This software processes 4 blocks at a time, which ensures virtually no waiting ("stalling") for reading or writing data in memory.

Other Optimizations

Besides interleaving, other optimizations performed are

  • Loading the entire key schedule into the 128-bit %xmm registers.
    This is done once for per 4-block of data (since 4 blocks of data is processed, when present). The following is loaded:

    • the entire "key schedule" (user input key preprocessed for encryption and decryption). This takes 11, 13, or 15 registers, for AES-128, AES-192, and AES-256, respectively

    • The input data is loaded into another %xmm register

    • The same register contains the output result after encrypting/decrypting

  • Using SSSE 4 instructions (AESNI).
    Besides the aesenc, aesenclast, aesdec, aesdeclast, aeskeygenassist, and aesimc AESNI instructions,
    Intel has several other instructions that operate on the 128-bit %xmm registers.
    Some common instructions for encryption are:

    • pxor exclusive or (very useful),

    • movdqu load/store a %xmm register from/to memory,

    • pshufb shuffle bytes for byte swapping,

    • pclmulqdq carry-less multiply for GCM mode

  • Combining AES encryption/decryption with CBC or CTR modes processing.
    Instead of loading input data twice (once for AES encryption/decryption,
    and again for modes (CTR or CBC, for example) processing,
    the input data is loaded once as both AES and modes operations occur at in the same function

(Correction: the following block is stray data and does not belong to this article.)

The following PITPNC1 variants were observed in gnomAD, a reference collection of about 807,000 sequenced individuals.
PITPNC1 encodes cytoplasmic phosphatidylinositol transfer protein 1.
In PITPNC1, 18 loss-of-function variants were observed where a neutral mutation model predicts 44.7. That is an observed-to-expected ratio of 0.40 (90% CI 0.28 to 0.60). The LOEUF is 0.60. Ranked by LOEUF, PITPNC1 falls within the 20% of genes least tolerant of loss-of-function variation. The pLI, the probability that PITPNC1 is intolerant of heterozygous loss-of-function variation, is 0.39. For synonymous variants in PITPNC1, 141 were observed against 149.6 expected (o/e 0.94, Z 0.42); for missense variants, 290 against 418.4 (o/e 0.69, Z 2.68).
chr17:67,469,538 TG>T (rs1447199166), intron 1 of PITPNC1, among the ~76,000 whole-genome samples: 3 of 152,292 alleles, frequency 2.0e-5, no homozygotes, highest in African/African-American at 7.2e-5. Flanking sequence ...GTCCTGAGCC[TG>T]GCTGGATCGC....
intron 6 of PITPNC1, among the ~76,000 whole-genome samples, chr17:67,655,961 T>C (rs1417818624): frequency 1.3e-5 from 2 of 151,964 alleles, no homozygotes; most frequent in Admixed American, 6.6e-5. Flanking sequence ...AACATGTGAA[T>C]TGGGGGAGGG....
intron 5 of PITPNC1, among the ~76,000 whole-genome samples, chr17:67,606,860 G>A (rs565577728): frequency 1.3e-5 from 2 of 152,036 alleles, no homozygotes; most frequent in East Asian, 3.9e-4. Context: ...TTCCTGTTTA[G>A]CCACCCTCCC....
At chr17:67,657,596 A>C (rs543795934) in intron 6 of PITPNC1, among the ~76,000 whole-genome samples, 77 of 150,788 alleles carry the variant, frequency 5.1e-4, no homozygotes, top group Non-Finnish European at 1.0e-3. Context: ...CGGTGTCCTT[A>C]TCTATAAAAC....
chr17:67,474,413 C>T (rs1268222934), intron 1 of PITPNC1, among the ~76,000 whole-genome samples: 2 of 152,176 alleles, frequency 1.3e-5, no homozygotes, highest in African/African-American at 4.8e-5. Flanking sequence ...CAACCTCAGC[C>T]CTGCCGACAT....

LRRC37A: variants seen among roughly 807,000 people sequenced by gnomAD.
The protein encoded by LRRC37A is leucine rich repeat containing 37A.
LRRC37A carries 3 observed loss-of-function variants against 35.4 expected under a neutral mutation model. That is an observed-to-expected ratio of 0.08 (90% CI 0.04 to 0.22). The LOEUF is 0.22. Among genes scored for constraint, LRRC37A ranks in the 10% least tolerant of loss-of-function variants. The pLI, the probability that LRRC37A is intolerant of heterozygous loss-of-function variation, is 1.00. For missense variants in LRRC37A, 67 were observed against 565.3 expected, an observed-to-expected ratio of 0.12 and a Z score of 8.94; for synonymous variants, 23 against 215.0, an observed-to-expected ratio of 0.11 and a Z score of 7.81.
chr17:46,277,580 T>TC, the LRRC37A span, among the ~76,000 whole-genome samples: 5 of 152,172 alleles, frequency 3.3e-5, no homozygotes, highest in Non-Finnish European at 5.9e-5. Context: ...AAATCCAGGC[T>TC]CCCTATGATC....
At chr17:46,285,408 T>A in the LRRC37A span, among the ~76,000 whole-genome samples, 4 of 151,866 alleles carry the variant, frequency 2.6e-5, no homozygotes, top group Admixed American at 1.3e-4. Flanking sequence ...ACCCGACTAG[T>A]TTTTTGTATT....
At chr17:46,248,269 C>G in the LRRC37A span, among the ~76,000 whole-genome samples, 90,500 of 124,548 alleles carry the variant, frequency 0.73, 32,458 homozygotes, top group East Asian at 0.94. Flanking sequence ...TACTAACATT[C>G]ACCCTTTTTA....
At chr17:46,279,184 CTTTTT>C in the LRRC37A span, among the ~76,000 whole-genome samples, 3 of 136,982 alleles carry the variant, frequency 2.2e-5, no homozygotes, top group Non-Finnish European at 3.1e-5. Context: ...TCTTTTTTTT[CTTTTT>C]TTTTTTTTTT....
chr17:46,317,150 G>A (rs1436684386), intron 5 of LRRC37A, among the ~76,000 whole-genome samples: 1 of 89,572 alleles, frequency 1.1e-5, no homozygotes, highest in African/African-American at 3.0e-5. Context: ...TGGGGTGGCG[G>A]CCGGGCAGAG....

Solaris AES Modes CLI Performance

Everyone likes pretty color charts, so here they are. I ran these on Solaris 11 running on a Piketon Platform system with a 4-core Intel Clarkdale processor @3.20GHz. Clarkdale which is part of the Westmere processor architecture family.
The "before" case is Solaris 11, unmodified.
Keep in mind that the "before" case already has been optimized with hand-coded Intel AESNI assembly.
The "after" case has combined AES-NI and mode instructions,
interleaved 4 blocks at-a-time.

For the first table, lower is better (milliseconds).
The first table shows the performance improvement using the Solaris encrypt(1) and decrypt(1) CLI commands. I encrypted and decrypted a 1/2 GByte file on /tmp (swap tmpfs).
Encryption improved by about 40% and decryption improved by about 80%.
AES-128 is slighty faster than AES-256, as expected.

Solaris AES CBC/CTR/ECB modes performance

The second table shows more detail timings for CBC, CTR, and ECB modes for the 3 AES key sizes and
different data lengths.

The results shown are the percentage improvement as shown by an internal PKCS#11 microbenchmark.
And keep in mind the previous baseline code already had optimized AESNI assembly!
The keysize (AES-128, 192, or 256) makes little difference in relative percentage improvement (although, of course, AES-128 is faster than AES-256).
Larger data sizes show better improvement than 128-byte data.


This software is in Solaris 11 FCS.
It is available in the 64-bit libcrypto library and the "aes" Solaris kernel module.
You must be running hardware that supports AESNI
(for example, Intel Westmere and Sandy Bridge, microprocessor architectures).
The easiest way to determine if AES-NI is available is with the isainfo(1) command. For example,

$ isainfo -v
64-bit amd64 applications
pclmulqdq aes sse4.2 sse4.1 ssse3 popcnt tscp ahf cx16 sse3 sse2 sse
fxsr mmx cmov amd_sysc cx8 tsc fpu
32-bit i386 applications
pclmulqdq aes sse4.2 sse4.1 ssse3 popcnt tscp ahf cx16 sse3 sse2 sse
fxsr mmx cmov sep cx8 tsc fpu

No special configuration or setup is needed to take advantage of this software.
Solaris libraries and kernel automatically determine if it's running on AESNI-capable machines
and execute the correctly-tuned software for the current microprocessor.


Maximum throughput of AES cipher modes can be achieved by combining
AES encryption with modes processing,
interleaving encryption of 4 blocks at a time,
and using Intel's wide 128-bit %xmm registers and instructions.